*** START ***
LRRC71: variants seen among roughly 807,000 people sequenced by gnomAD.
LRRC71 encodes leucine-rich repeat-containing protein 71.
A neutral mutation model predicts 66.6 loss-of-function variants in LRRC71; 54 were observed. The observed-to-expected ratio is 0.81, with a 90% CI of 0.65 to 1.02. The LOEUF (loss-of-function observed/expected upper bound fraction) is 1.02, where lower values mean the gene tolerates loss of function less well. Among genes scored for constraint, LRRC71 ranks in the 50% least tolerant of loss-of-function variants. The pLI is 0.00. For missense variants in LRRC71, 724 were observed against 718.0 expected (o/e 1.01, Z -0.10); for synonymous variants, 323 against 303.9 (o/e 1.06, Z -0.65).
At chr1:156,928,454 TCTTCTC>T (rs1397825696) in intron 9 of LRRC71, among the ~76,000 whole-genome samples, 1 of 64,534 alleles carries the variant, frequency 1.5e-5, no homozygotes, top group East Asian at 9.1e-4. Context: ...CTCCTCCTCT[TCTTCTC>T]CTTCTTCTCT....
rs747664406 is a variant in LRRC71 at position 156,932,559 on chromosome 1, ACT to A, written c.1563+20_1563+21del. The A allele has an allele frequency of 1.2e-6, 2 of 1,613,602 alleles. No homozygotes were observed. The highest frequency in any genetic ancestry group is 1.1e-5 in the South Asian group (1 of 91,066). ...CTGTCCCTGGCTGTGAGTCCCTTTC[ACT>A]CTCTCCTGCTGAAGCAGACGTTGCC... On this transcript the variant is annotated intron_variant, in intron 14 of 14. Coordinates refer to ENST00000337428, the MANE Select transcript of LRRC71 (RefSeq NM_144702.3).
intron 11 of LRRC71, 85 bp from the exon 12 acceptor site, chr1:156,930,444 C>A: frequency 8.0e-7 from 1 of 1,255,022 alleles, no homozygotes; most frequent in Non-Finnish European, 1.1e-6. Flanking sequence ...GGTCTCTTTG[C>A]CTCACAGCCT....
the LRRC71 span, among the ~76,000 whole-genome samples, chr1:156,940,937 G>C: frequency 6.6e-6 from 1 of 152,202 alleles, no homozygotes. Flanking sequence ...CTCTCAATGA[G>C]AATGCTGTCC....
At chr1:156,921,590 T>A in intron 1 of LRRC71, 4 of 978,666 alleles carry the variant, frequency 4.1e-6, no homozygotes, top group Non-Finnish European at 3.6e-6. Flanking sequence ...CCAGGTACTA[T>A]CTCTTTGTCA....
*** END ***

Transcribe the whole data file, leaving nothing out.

LRRC71: variants seen among roughly 807,000 people sequenced by gnomAD.
LRRC71 encodes leucine-rich repeat-containing protein 71.
A neutral mutation model predicts 66.6 loss-of-function variants in LRRC71; 54 were observed. The observed-to-expected ratio is 0.81, with a 90% CI of 0.65 to 1.02. The LOEUF (loss-of-function observed/expected upper bound fraction) is 1.02, where lower values mean the gene tolerates loss of function less well. Among genes scored for constraint, LRRC71 ranks in the 50% least tolerant of loss-of-function variants. The pLI is 0.00. For missense variants in LRRC71, 724 were observed against 718.0 expected (o/e 1.01, Z -0.10); for synonymous variants, 323 against 303.9 (o/e 1.06, Z -0.65).
At chr1:156,928,454 TCTTCTC>T (rs1397825696) in intron 9 of LRRC71, among the ~76,000 whole-genome samples, 1 of 64,534 alleles carries the variant, frequency 1.5e-5, no homozygotes, top group East Asian at 9.1e-4. Context: ...CTCCTCCTCT[TCTTCTC>T]CTTCTTCTCT....
rs747664406 is a variant in LRRC71 at position 156,932,559 on chromosome 1, ACT to A, written c.1563+20_1563+21del. The A allele has an allele frequency of 1.2e-6, 2 of 1,613,602 alleles. No homozygotes were observed. The highest frequency in any genetic ancestry group is 1.1e-5 in the South Asian group (1 of 91,066). ...CTGTCCCTGGCTGTGAGTCCCTTTC[ACT>A]CTCTCCTGCTGAAGCAGACGTTGCC... On this transcript the variant is annotated intron_variant, in intron 14 of 14. Coordinates refer to ENST00000337428, the MANE Select transcript of LRRC71 (RefSeq NM_144702.3).
intron 11 of LRRC71, 85 bp from the exon 12 acceptor site, chr1:156,930,444 C>A: frequency 8.0e-7 from 1 of 1,255,022 alleles, no homozygotes; most frequent in Non-Finnish European, 1.1e-6. Flanking sequence ...GGTCTCTTTG[C>A]CTCACAGCCT....
the LRRC71 span, among the ~76,000 whole-genome samples, chr1:156,940,937 G>C: frequency 6.6e-6 from 1 of 152,202 alleles, no homozygotes. Flanking sequence ...CTCTCAATGA[G>C]AATGCTGTCC....
At chr1:156,921,590 T>A in intron 1 of LRRC71, 4 of 978,666 alleles carry the variant, frequency 4.1e-6, no homozygotes, top group Non-Finnish European at 3.6e-6. Flanking sequence ...CCAGGTACTA[T>A]CTCTTTGTCA....